If we think we’re here to stand back in admiration of the Freudian texts and marvel at them, we won’t be disappointed.
These are Freud’s freshest texts. They are his most attractive, alive, and animated. At times his personality is so unmistakeably clear in these texts; his frankness and tone itself an education for many of us.
In these texts Freud handles the concern with observing practical rules with such ease that we see how for him, the concern with the rules of orthodox practice was not the real issue. It was rather an instrument, a tool- as in the way one holds a hammer in hand. So he writes, Firmly held by this hand of mine… and this is how I am accustomed to holding it. Others may possibly prefer a marginally different instrument, which sits better in their hand. You’ll find him saying as much far more clearly than I, with my metaphorical way of communicating.
So in these papers, Freud handles the codification of the rules of technique. And he handles it with such a freedom tht we are in a sense liberated from the concerns of codifying rules and technique. This is obvious even on reading this text for the first time. So Freud’s real concern must lie elsewhere.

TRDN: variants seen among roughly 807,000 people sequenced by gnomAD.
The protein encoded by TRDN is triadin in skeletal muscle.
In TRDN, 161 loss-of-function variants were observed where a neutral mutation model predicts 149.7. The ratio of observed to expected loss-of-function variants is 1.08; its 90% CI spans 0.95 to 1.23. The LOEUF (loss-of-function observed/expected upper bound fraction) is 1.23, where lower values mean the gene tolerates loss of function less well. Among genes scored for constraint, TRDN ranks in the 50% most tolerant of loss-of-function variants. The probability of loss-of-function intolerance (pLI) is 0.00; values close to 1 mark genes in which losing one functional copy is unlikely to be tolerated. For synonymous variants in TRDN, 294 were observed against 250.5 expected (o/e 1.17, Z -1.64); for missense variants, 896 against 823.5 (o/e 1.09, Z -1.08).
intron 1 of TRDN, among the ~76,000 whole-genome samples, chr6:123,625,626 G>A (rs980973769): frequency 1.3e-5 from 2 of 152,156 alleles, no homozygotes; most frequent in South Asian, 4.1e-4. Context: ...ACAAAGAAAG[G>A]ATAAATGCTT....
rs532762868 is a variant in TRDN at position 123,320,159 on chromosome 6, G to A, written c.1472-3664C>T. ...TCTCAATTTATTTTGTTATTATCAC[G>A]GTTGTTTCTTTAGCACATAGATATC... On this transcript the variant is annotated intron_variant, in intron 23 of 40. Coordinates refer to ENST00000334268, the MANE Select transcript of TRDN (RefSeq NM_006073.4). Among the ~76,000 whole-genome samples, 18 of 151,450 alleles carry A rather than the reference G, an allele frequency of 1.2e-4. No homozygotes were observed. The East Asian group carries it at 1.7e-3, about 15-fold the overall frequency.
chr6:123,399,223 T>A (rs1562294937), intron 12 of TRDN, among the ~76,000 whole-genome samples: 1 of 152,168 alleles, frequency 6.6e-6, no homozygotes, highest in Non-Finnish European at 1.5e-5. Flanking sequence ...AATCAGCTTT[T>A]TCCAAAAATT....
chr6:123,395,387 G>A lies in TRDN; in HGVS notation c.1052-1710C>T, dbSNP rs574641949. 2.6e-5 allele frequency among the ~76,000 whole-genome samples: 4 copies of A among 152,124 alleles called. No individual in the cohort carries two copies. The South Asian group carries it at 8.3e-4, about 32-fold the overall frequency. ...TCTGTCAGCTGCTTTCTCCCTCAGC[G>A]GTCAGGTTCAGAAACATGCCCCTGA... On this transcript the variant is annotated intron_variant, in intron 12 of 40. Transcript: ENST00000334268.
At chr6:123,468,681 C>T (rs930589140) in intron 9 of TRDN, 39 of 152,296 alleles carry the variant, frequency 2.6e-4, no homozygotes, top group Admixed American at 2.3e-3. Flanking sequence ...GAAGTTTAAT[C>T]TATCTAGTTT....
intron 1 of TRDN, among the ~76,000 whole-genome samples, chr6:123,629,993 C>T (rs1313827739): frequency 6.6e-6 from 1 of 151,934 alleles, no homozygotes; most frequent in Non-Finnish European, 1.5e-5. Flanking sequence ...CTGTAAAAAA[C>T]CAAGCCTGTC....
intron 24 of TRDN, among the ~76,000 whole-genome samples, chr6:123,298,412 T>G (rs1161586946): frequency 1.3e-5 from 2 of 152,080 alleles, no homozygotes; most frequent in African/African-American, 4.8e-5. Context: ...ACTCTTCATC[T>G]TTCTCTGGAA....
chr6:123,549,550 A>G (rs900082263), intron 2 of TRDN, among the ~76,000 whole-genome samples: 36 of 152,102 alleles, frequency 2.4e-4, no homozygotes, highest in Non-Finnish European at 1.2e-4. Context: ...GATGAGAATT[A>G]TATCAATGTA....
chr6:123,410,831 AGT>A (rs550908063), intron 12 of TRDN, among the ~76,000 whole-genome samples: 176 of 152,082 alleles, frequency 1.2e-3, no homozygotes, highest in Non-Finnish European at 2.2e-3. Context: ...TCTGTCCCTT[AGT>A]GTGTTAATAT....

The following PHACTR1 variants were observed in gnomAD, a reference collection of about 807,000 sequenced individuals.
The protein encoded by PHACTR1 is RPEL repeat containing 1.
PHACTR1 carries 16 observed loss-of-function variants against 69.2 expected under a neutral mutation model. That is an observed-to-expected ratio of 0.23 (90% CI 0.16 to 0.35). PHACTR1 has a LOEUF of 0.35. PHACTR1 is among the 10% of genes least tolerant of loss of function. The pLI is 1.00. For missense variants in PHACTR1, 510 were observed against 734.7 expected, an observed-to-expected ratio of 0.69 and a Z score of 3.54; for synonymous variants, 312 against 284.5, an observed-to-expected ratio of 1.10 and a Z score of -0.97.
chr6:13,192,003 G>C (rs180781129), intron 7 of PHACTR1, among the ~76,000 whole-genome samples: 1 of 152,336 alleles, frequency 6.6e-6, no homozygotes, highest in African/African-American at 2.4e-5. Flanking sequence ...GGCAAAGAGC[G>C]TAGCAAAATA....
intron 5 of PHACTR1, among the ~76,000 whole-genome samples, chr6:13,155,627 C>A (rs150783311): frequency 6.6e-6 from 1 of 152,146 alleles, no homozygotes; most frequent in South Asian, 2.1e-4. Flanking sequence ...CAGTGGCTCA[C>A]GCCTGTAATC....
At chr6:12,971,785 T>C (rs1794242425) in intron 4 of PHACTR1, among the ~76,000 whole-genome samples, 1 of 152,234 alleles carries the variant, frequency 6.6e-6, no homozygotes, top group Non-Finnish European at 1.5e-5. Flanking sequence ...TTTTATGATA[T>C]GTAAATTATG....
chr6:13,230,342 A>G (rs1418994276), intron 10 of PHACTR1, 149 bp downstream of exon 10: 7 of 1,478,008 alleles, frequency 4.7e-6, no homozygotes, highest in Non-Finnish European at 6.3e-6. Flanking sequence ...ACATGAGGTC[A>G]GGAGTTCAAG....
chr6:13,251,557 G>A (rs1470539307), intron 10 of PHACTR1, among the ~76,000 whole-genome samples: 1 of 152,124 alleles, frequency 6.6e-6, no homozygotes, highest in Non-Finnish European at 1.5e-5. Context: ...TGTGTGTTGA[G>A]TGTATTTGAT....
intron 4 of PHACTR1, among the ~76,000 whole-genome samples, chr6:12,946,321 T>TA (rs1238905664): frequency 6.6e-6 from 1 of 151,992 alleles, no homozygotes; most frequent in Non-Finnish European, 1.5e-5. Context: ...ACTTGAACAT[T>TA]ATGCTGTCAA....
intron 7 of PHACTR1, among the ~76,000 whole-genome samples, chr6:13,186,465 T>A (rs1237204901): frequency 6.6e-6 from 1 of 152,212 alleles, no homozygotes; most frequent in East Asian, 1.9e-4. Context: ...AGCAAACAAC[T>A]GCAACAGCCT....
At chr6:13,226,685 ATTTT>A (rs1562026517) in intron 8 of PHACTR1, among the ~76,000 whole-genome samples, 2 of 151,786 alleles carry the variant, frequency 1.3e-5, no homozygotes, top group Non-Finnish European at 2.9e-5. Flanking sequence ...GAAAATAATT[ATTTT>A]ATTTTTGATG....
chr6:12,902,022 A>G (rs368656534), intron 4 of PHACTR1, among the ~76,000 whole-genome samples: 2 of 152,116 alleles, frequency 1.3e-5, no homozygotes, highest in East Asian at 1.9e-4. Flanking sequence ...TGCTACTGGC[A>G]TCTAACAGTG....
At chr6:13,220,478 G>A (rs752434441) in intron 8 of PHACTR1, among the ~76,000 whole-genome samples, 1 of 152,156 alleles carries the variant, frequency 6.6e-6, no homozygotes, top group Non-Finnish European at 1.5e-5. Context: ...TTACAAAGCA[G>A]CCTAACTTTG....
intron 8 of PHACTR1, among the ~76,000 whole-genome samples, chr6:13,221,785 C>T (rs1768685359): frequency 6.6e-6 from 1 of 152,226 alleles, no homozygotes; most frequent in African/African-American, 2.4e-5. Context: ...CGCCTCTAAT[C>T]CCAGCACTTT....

If we pay attention to the way Freud communicates the truths of his thought, we begin noticing passages that at first seem secondary and unimportant. And when those passages have our attention, one senses the long- suffering side of Freud’s personality, his patience despite troubles caused by others, his experience of being an authority and having to put up with the stupidity of his followers. Some passages even display his profound depreciation, contempt even, for his followers and the ways they’ve have understood and appropriated his work. I’ll show you that he even seemed to find those who surrounded him as more or less worthless. He thereby became protective of his work, mobilizing the full force of his authority lest the future of psychoanalysis be lost. Set against doctrinal dissenters, he was quite domineering and authoritative – sometimes without justification -, determining and organising how his teachings would be transmitted and by whom.